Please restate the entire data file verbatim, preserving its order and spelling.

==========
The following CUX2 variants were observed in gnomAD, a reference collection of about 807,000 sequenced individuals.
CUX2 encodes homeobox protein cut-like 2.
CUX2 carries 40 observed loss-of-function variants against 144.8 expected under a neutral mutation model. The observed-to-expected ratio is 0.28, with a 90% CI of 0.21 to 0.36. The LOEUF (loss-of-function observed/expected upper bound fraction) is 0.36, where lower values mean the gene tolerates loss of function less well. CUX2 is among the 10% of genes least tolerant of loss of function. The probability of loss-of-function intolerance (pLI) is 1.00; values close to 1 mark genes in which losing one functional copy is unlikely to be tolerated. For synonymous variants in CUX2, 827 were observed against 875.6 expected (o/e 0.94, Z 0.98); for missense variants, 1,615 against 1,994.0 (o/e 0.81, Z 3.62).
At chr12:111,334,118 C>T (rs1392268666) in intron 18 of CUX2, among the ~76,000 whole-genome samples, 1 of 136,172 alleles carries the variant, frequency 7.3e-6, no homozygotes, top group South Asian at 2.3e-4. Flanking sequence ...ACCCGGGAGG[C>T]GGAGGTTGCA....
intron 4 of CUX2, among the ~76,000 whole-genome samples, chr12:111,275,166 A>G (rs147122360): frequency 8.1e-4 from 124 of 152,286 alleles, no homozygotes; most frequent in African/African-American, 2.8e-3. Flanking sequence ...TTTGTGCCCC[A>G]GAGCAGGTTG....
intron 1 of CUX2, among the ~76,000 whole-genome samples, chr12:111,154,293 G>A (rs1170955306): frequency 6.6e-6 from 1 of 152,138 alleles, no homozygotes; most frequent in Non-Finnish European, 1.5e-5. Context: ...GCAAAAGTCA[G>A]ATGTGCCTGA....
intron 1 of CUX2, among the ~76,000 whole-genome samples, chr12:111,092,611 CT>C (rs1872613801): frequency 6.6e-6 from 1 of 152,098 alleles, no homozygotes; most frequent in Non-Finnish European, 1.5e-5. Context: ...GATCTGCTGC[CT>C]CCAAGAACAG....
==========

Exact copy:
The following CUX2 variants were observed in gnomAD, a reference collection of about 807,000 sequenced individuals.
CUX2 encodes homeobox protein cut-like 2.
CUX2 carries 40 observed loss-of-function variants against 144.8 expected under a neutral mutation model. The observed-to-expected ratio is 0.28, with a 90% CI of 0.21 to 0.36. The LOEUF (loss-of-function observed/expected upper bound fraction) is 0.36, where lower values mean the gene tolerates loss of function less well. CUX2 is among the 10% of genes least tolerant of loss of function. The probability of loss-of-function intolerance (pLI) is 1.00; values close to 1 mark genes in which losing one functional copy is unlikely to be tolerated. For synonymous variants in CUX2, 827 were observed against 875.6 expected (o/e 0.94, Z 0.98); for missense variants, 1,615 against 1,994.0 (o/e 0.81, Z 3.62).
At chr12:111,334,118 C>T (rs1392268666) in intron 18 of CUX2, among the ~76,000 whole-genome samples, 1 of 136,172 alleles carries the variant, frequency 7.3e-6, no homozygotes, top group South Asian at 2.3e-4. Flanking sequence ...ACCCGGGAGG[C>T]GGAGGTTGCA....
intron 4 of CUX2, among the ~76,000 whole-genome samples, chr12:111,275,166 A>G (rs147122360): frequency 8.1e-4 from 124 of 152,286 alleles, no homozygotes; most frequent in African/African-American, 2.8e-3. Flanking sequence ...TTTGTGCCCC[A>G]GAGCAGGTTG....
intron 1 of CUX2, among the ~76,000 whole-genome samples, chr12:111,154,293 G>A (rs1170955306): frequency 6.6e-6 from 1 of 152,138 alleles, no homozygotes; most frequent in Non-Finnish European, 1.5e-5. Context: ...GCAAAAGTCA[G>A]ATGTGCCTGA....
intron 1 of CUX2, among the ~76,000 whole-genome samples, chr12:111,092,611 CT>C (rs1872613801): frequency 6.6e-6 from 1 of 152,098 alleles, no homozygotes; most frequent in Non-Finnish European, 1.5e-5. Context: ...GATCTGCTGC[CT>C]CCAAGAACAG....